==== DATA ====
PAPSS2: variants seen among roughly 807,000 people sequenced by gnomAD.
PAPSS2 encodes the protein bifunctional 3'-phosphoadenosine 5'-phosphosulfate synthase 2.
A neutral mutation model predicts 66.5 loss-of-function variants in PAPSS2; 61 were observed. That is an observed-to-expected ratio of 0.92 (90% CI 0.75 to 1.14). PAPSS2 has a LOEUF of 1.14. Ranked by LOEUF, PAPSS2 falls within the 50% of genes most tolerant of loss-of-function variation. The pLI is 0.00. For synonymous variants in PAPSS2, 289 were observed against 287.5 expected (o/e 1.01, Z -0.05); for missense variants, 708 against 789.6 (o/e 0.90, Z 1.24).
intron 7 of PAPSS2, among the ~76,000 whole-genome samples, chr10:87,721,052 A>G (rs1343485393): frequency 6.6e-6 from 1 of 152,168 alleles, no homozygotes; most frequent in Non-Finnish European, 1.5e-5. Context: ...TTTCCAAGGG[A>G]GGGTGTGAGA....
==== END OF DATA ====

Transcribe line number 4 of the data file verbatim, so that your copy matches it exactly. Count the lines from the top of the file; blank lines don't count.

intron 7 of PAPSS2, among the ~76,000 whole-genome samples, chr10:87,721,052 A>G (rs1343485393): frequency 6.6e-6 from 1 of 152,168 alleles, no homozygotes; most frequent in Non-Finnish European, 1.5e-5. Context: ...TTTCCAAGGG[A>G]GGGTGTGAGA....